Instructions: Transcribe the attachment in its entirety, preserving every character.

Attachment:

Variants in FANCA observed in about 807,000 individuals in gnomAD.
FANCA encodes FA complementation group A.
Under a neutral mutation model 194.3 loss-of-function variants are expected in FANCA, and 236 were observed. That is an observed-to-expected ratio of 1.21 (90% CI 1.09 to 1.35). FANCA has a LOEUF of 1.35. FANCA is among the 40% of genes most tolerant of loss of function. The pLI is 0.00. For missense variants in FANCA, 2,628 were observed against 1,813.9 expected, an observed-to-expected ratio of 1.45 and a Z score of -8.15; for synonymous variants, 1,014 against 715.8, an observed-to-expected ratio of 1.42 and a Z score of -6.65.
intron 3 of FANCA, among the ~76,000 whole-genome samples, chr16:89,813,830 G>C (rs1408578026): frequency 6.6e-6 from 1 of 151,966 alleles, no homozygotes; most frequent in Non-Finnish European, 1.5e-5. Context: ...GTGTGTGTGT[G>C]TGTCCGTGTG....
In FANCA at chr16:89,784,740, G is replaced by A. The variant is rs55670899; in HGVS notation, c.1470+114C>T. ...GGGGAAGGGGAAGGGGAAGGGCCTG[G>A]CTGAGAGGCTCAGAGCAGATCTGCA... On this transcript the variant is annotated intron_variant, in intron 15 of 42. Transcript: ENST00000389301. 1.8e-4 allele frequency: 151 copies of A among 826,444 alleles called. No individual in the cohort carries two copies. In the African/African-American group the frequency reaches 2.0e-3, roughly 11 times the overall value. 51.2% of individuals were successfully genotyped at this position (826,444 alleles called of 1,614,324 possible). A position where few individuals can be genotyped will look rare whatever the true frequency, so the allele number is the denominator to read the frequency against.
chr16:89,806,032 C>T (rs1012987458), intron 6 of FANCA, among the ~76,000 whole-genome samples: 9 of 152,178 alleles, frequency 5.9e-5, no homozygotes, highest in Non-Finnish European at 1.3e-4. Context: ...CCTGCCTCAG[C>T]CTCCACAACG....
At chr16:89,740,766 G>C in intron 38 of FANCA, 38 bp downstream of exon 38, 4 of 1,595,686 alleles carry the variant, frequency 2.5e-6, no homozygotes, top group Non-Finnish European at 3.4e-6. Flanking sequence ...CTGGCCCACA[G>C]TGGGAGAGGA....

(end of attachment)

Variants in FANCA observed in about 807,000 individuals in gnomAD.
FANCA encodes FA complementation group A.
Under a neutral mutation model 194.3 loss-of-function variants are expected in FANCA, and 236 were observed. That is an observed-to-expected ratio of 1.21 (90% CI 1.09 to 1.35). FANCA has a LOEUF of 1.35. FANCA is among the 40% of genes most tolerant of loss of function. The pLI is 0.00. For missense variants in FANCA, 2,628 were observed against 1,813.9 expected, an observed-to-expected ratio of 1.45 and a Z score of -8.15; for synonymous variants, 1,014 against 715.8, an observed-to-expected ratio of 1.42 and a Z score of -6.65.
intron 3 of FANCA, among the ~76,000 whole-genome samples, chr16:89,813,830 G>C (rs1408578026): frequency 6.6e-6 from 1 of 151,966 alleles, no homozygotes; most frequent in Non-Finnish European, 1.5e-5. Context: ...GTGTGTGTGT[G>C]TGTCCGTGTG....
In FANCA at chr16:89,784,740, G is replaced by A. The variant is rs55670899; in HGVS notation, c.1470+114C>T. ...GGGGAAGGGGAAGGGGAAGGGCCTG[G>A]CTGAGAGGCTCAGAGCAGATCTGCA... On this transcript the variant is annotated intron_variant, in intron 15 of 42. Transcript: ENST00000389301. 1.8e-4 allele frequency: 151 copies of A among 826,444 alleles called. No individual in the cohort carries two copies. In the African/African-American group the frequency reaches 2.0e-3, roughly 11 times the overall value. 51.2% of individuals were successfully genotyped at this position (826,444 alleles called of 1,614,324 possible). A position where few individuals can be genotyped will look rare whatever the true frequency, so the allele number is the denominator to read the frequency against.
chr16:89,806,032 C>T (rs1012987458), intron 6 of FANCA, among the ~76,000 whole-genome samples: 9 of 152,178 alleles, frequency 5.9e-5, no homozygotes, highest in Non-Finnish European at 1.3e-4. Context: ...CCTGCCTCAG[C>T]CTCCACAACG....
At chr16:89,740,766 G>C in intron 38 of FANCA, 38 bp downstream of exon 38, 4 of 1,595,686 alleles carry the variant, frequency 2.5e-6, no homozygotes, top group Non-Finnish European at 3.4e-6. Flanking sequence ...CTGGCCCACA[G>C]TGGGAGAGGA....